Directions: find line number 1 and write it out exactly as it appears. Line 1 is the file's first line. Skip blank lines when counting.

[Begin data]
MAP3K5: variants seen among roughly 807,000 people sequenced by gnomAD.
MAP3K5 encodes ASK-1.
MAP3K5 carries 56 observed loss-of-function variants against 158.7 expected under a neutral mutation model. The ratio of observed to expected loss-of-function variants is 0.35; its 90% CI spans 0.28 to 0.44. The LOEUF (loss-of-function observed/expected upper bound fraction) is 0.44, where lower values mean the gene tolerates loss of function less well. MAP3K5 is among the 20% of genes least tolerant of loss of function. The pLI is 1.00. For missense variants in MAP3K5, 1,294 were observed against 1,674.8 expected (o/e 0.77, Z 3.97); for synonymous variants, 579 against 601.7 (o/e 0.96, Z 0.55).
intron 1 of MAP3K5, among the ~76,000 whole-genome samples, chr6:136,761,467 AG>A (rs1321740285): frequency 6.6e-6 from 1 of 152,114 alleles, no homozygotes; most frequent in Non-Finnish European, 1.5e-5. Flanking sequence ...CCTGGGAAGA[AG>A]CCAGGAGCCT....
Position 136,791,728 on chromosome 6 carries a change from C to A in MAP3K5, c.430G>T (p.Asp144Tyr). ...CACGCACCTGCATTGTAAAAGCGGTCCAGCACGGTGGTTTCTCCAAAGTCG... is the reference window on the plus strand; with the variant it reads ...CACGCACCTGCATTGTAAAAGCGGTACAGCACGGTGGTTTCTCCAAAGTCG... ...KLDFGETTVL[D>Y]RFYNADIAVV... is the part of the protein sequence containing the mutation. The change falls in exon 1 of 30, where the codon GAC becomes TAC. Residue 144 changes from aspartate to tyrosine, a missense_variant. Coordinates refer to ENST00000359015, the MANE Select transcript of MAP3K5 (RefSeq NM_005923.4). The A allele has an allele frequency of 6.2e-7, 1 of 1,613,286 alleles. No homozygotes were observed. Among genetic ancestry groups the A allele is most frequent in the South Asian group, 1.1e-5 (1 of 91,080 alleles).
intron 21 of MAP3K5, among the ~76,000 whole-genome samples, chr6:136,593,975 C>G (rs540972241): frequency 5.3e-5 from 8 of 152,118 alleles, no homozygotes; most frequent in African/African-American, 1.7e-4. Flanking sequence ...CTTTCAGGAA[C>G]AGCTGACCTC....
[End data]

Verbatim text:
MAP3K5: variants seen among roughly 807,000 people sequenced by gnomAD.